Days on cruise: 242
Distance traveled: 67.0 miles
Travel time: 7 hrs, 33 minutes
Total trip odometer: 5,425 statute miles
This Alabama/Florida Panhandle journey has not gone as anticipated. We didn’t expect it to be mostly so cold, nor fully grasp how eager we would be to get the Big Gulf Crossing behind us! Other Looper friends spent two weeks in warmer times traveling this segment, and we covered 268 miles in five days since leaving Mobile, compared to our Loop average of 150 miles per week. We’re not sorry we did it this way given the circumstances, just surprised. Today’s journey was unusual.
We pulled the anchor at 7:30 a.m. in morning twilight, having crossed into Eastern Standard Time, so daylight began later than recent days in Central Time. It was misting lightly all morning, but temps were in the 60s, and there was no wind or waves as we wound our way through narrow channels.
We saw more boats as we approached small towns, including this one being towed, and eventually had VHF radio conversations with two Loopers we passed, including Sareanna who we met last summer and expect to see in Carabelle tomorrow.
Cypress swamps lined both sides of the route all morning.
Halfway through the day, we left the narrow channel at Apalachicola and entered the very large Apalachicola Bay where a bank of fog hung heavily, obliterating visibility which quickly dropped to 150 feet. We spun up the radar to help guide us as we couldn’t see the next red or green marks in the distance until we were about to run them over. But the waves were 2 feet or less, and wind 10 mph or less, so conditions weren’t otherwise bad, though this foggy travel continued for 3 hours before dissipating. Our view out of the windshield:
Finally at 3:00 we entered the side channel leading two miles to the tiny town of Carabelle, the jumping off spot for the Gulf Crossing. After calling ahead on the VHF radio, we were met by half a dozen friends at our slip. Everyone caught our lines, gave us hugs, and made us feel so welcome.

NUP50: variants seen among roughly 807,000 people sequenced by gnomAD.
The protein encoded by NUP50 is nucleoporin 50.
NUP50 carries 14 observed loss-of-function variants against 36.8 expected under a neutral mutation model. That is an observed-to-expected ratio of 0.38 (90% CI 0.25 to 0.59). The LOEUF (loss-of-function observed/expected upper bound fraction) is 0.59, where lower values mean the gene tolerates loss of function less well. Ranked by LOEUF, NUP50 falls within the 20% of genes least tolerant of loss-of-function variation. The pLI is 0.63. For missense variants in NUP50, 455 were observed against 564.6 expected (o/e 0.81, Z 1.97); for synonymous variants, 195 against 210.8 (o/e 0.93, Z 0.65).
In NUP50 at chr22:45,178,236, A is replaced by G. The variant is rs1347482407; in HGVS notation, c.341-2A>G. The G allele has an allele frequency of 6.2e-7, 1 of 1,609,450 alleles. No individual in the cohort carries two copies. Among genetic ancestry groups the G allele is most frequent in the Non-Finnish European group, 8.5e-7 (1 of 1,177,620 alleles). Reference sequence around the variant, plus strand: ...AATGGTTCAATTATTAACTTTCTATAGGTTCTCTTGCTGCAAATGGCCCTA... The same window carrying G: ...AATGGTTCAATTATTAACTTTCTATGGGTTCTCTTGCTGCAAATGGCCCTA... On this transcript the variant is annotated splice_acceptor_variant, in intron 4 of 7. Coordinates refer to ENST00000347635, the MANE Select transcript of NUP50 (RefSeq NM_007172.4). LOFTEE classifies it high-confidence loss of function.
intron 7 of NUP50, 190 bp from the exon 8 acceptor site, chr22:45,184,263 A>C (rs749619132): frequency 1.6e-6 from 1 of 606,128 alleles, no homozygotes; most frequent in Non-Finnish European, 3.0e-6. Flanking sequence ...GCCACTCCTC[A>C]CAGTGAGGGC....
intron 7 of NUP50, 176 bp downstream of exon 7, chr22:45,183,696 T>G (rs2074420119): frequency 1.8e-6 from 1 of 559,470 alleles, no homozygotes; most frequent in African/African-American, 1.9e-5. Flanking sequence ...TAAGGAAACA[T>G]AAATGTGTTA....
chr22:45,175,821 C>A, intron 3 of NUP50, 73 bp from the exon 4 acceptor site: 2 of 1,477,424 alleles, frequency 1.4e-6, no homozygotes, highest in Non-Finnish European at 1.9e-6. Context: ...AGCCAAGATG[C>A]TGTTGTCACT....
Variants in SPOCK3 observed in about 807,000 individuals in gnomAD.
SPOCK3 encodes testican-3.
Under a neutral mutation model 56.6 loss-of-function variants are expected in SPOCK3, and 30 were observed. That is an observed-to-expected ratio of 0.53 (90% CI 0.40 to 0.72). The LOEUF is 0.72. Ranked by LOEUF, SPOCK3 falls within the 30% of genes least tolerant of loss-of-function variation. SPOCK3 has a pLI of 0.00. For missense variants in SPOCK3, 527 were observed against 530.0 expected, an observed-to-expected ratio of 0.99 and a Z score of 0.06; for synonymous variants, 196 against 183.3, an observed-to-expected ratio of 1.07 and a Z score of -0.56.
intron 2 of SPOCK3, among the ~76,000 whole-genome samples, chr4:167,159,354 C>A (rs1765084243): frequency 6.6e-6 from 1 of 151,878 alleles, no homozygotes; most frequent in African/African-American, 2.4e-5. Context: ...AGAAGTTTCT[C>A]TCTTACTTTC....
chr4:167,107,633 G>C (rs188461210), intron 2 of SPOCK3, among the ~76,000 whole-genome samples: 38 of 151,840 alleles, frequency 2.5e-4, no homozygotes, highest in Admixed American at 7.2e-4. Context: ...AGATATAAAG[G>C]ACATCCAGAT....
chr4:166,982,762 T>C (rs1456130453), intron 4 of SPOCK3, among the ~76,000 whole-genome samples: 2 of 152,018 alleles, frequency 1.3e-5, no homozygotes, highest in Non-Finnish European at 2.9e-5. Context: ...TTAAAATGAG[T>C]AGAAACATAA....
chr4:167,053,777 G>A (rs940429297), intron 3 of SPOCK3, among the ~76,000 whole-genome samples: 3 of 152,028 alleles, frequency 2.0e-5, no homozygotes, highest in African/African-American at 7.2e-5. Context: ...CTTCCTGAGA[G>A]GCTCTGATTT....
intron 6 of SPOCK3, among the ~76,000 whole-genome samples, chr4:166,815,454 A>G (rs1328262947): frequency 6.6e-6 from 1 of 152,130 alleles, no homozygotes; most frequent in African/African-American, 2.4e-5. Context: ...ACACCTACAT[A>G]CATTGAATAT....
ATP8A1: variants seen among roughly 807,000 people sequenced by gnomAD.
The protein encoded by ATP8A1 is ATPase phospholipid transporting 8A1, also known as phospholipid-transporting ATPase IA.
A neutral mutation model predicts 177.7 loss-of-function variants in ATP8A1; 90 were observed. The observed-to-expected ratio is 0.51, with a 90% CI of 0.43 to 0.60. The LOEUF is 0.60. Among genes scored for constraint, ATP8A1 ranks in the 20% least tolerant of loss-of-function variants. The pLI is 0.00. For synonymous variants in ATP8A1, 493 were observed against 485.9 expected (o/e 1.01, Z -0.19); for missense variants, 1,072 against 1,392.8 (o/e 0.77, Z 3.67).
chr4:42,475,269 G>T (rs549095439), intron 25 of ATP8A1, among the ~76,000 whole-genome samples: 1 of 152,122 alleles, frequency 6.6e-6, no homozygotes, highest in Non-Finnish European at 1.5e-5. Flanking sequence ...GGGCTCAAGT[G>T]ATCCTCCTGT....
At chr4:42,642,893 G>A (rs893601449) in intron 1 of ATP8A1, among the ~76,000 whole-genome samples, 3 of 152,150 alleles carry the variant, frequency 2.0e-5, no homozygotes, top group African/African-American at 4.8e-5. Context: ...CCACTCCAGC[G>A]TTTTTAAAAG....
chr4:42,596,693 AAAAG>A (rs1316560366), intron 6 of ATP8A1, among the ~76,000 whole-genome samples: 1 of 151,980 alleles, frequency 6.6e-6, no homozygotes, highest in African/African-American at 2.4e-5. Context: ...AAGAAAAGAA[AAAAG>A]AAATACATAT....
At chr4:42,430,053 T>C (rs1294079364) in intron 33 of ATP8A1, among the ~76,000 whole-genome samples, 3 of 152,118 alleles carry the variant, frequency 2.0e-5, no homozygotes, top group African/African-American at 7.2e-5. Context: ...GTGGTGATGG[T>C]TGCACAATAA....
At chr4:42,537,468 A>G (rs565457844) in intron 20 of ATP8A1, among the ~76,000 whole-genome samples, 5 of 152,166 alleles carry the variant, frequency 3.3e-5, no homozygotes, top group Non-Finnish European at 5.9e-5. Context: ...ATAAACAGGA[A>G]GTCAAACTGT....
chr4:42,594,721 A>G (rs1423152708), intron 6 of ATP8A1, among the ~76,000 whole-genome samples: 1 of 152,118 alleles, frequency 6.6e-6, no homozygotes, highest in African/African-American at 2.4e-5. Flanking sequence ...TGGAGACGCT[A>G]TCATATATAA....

Friends Craig and Barbara from “Blue Heron” left their boat here before Thanksgiving and will return a couple days from now, so it was nice to see their boat, though it looked lonely without the two of them and their sweet dogs Joey and Bailey.
The Zone, our Big Sister Ship, is just down the dock from us, and it’s great to see Ross and Laura again.
At 5:00 a dozen boats worth of Loopers gathered in the Commons Room for docktails and appetizers (superseding dinner, of course) and a couple hours of lively conversation ensued. It’s great to be back among the Looper crowd, and we met some really nice folks tonight, new to us.
The group spans the spectrum from those who just began the Loop a few days ago in Pensacola to folks who are almost finished, and one couple who has lived full time on their boat for two years. Not surprisingly, different ideas for when and how best to cross the Gulf abound.
We all agreed to meet tomorrow at 11:00 a.m. to discuss the current weather forecasts, Crossing options and Buddy Boats, and hopefully make plans. We remain uncertain whether to do an overnight crossing with slow trawlers who are already here, currently planned for Friday night (“Bird in the Hand” and all that), or wait for other fast trawler friends who will arrive this weekend and hope a daylight crossing window remains sooner rather than later. Stay tuned!